How Gratitude Sparks Humility

Humility is an elusive virtue. As the adage goes: as soon as you think you have it, you’ve lost it. But, just like any virtue, it is something that must be cultivated. It must be practiced. So how do you cultivate humility without losing it? This is something that I’ve been thinking through during my work with Housing For New Hope.

It’s funny, in the process of creating and sending out this survey on the lay-person’s perception of homelessness, before even receiving any responses, I am predicting the frustrating “close-minded” answers of people who I am predicting aren’t being charitable enough to our neighbors experiencing homelessness. How dare these imaginary people neglect to consider the external and uncontrollable factors that have led to a person’s unfortunate circumstances? How dare they chalk the cause of homelessness exclusively up to poor decision-making and sheer lack of will? Don’t they understand the systemic problems underlying the housing crisis? I am now contriving imaginary situations about which to be frustrated. My criticism knows no bounds.

Here’s a more realistic event of my arrogance. The other day, I was driving and came to a stoplight. I looked to my right and was immediately filled with frustration. How can it be, that a simple bumper sticker could so drastically knock me from my Bon Iver induced state of bliss? It just so happens that my kryptonite (or one of them) is the punisher slogan with a blue line for one of the skull’s dripping teeth. (For a very brief history of this slogan, visit this link). My initial reaction was to roll my eyes and consider all of the ways this person embodied the ideology of this bumper sticker: How dare he blur the lines between law enforcement and vigilante justice? How does this person treat strangers at the grocery store? Could I be driving next to a neo-nazi? (Remember my boundless criticism.) However, in a brief moment of repose, I realized that I wasn’t being fair to this person, at all. I wasn’t taking any time to think about the place from where this kind of speech may have originated. In the same way that I would want my imaginary survey participants to consider the external factors leading to homelessness, why wouldn’t I do the same concerning this man’s bumper sticker? The impetus for placing such a divisive bumper sticker on your vehicle comes from a much more complex set of experiences and backgrounds than I considered in that fleeting moment of frustration. I realized then, that I would never be able to truly enter into a positive and constructive relationship with this person if I was exclusively critical of them based on a singular outward expression. I needed to humbly consider this person’s humanity—their limits and particularities.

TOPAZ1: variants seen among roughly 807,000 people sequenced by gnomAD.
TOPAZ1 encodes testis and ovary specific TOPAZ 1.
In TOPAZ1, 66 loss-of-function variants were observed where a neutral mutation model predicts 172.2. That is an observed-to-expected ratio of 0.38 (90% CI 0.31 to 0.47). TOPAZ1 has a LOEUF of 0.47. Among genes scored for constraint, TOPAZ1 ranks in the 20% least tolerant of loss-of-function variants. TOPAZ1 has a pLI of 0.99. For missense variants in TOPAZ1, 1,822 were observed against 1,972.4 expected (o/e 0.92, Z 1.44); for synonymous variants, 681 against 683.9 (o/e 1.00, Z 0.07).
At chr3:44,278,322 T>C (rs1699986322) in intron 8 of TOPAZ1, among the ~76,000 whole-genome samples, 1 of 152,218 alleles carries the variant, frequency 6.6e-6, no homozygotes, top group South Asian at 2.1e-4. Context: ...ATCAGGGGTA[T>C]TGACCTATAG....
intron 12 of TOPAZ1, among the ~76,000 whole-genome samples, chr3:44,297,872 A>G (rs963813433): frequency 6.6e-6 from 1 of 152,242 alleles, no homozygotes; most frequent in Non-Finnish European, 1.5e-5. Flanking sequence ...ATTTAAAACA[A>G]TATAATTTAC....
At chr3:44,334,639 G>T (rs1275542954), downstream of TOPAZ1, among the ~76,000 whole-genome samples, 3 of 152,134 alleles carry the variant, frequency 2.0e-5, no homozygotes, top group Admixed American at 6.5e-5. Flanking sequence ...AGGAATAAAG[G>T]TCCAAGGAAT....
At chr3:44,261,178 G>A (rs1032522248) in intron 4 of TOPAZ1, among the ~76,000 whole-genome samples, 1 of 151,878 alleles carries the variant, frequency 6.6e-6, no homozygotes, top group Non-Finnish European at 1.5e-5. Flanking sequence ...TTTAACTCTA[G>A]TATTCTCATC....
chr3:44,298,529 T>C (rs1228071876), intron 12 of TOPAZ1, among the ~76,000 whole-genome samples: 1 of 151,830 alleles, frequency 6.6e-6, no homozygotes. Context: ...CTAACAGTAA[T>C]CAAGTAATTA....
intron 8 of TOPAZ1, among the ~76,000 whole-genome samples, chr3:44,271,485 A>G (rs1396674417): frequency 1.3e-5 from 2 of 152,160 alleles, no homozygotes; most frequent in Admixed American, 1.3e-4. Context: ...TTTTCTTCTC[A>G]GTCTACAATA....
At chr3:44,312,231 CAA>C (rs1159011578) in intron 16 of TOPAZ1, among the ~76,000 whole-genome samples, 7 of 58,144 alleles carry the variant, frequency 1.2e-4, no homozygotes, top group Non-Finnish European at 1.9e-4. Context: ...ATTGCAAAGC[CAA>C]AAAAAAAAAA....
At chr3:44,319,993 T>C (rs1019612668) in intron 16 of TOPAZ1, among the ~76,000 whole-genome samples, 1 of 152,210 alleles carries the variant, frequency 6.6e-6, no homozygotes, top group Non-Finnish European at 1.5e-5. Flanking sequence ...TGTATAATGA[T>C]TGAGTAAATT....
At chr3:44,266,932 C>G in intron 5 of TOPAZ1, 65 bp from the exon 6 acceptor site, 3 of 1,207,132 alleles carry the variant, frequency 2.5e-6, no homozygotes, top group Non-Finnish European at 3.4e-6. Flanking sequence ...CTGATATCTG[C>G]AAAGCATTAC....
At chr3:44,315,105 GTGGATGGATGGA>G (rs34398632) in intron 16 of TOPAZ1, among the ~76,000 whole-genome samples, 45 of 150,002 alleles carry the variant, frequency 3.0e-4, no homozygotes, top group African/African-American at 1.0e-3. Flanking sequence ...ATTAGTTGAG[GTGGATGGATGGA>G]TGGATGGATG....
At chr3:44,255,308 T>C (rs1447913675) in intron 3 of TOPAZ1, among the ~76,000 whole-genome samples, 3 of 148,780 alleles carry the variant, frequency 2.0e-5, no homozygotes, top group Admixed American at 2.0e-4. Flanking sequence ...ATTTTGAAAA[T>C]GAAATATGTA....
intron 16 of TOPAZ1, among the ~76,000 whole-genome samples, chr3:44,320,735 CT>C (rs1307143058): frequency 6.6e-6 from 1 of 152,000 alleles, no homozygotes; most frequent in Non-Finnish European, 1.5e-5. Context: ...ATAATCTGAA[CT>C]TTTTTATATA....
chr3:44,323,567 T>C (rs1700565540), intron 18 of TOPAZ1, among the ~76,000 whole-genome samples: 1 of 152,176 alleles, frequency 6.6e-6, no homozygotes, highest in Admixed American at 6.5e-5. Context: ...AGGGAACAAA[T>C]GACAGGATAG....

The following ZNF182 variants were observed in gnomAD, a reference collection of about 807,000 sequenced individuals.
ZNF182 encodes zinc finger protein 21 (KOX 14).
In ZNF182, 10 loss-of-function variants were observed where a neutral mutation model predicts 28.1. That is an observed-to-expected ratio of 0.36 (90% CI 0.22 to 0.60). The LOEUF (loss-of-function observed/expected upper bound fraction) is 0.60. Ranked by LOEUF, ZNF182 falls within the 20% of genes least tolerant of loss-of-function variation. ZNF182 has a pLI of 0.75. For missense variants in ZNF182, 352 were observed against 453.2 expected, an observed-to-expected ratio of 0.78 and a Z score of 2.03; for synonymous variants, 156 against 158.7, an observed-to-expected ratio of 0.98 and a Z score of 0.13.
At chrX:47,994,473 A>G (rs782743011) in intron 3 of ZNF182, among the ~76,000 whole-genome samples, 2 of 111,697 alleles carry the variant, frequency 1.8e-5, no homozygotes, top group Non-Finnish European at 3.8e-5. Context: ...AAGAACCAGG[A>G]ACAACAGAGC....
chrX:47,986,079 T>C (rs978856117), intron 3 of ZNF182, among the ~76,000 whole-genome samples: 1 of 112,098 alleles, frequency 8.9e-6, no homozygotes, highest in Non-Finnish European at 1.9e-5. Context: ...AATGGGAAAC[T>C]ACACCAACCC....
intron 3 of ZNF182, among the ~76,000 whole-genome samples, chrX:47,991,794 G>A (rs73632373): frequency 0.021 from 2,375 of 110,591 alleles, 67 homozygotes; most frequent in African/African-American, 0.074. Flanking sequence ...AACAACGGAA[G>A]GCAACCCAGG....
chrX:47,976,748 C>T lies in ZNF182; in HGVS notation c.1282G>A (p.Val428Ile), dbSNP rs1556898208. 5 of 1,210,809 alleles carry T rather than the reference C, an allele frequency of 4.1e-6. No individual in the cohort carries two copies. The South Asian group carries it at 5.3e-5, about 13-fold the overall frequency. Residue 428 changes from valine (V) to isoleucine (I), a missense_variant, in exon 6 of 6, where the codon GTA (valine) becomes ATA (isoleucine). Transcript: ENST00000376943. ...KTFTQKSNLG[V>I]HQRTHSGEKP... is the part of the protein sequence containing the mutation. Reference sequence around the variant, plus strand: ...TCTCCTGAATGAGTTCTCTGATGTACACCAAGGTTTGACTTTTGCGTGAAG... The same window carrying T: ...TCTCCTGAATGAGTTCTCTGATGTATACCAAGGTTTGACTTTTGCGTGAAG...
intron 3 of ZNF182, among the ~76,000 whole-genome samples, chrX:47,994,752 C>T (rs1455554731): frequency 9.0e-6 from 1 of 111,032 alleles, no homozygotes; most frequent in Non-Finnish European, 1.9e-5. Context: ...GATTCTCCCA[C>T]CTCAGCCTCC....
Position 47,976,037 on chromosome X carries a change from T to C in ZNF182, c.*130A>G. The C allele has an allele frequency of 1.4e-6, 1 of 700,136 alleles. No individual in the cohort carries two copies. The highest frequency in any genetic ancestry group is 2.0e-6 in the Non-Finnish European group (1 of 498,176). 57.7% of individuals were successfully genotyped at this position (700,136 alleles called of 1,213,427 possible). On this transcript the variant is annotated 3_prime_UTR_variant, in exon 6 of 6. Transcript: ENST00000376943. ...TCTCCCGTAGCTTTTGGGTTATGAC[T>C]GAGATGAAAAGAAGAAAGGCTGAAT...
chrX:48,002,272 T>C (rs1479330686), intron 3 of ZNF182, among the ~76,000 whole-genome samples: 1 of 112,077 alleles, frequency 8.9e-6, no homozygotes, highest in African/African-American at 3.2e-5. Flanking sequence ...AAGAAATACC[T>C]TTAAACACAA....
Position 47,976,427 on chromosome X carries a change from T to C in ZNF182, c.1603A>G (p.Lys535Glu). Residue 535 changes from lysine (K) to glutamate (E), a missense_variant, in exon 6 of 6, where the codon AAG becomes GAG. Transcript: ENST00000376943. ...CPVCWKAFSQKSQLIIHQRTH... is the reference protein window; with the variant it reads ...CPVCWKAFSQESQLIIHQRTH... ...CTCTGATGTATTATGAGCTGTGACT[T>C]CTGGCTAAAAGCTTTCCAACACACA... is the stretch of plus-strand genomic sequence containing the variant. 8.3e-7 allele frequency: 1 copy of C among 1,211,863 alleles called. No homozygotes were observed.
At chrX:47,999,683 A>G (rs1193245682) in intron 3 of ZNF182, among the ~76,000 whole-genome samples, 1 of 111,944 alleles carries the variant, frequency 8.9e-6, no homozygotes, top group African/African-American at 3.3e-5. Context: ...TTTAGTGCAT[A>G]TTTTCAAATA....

I believe it was Cicero that once said, “Gratitude is the mother of all virtues.” How, then, might gratitude spark the cultivation of humility? Perhaps it is gratitude for things that don’t seem, at first, beneficial—that seem limiting. Like the small, mono-racial town you might have grown up in, or the limited exposure to diverse opinions, that helps one become humble. Perhaps it is through a recognition of our limits that we learn what being a human is really about. If we neglect to be grateful for these limits, and the limits of those around us, we can tend to move forward in a dehumanizing fashion, forgetting to consider the humanity of those around us; those who might knock us from our Bon Iver induced states of bliss.

In this seasonal time of reentering the worlds from which we may have moved away, and as we gather around family and friend’s dinner tables—whether you think your uncle and sister-in-law is too “woke” or not “woke” enough—may we all seize opportunities to be grateful for our own experiences, and the experiences of those that sit across the table from us. And may we remember to put ourselves in someone else’s shoes and show grace before we honk our horn…I mean, spew the unconsidered quip to our uncle’s comment about COVID.

Now, this is not to say that I don’t believe in human agency. I do believe that people should be responsible for their actions, even in light of the environments in which they have been formed. But if we are to hold firm to that principle, it should be tempered with an equally, if not more important consideration for that person’s limits and humanity. I’ll end this time of reflection with a question posed by author and activist, bell hooks, “For me, forgiveness and compassion are always linked: how do we hold people accountable for wrongdoing and yet at the same time, remain in touch with their humanity enough to believe in their capacity to be transformed?” As humans living amongst other humans, it seems this is the tension into which we are called to dwell. I hope this reflection helps me to be less critical, and more charitable, of the future responses that I may encounter in this survey. May my gratitude lead to humility, and my humility, to compassion.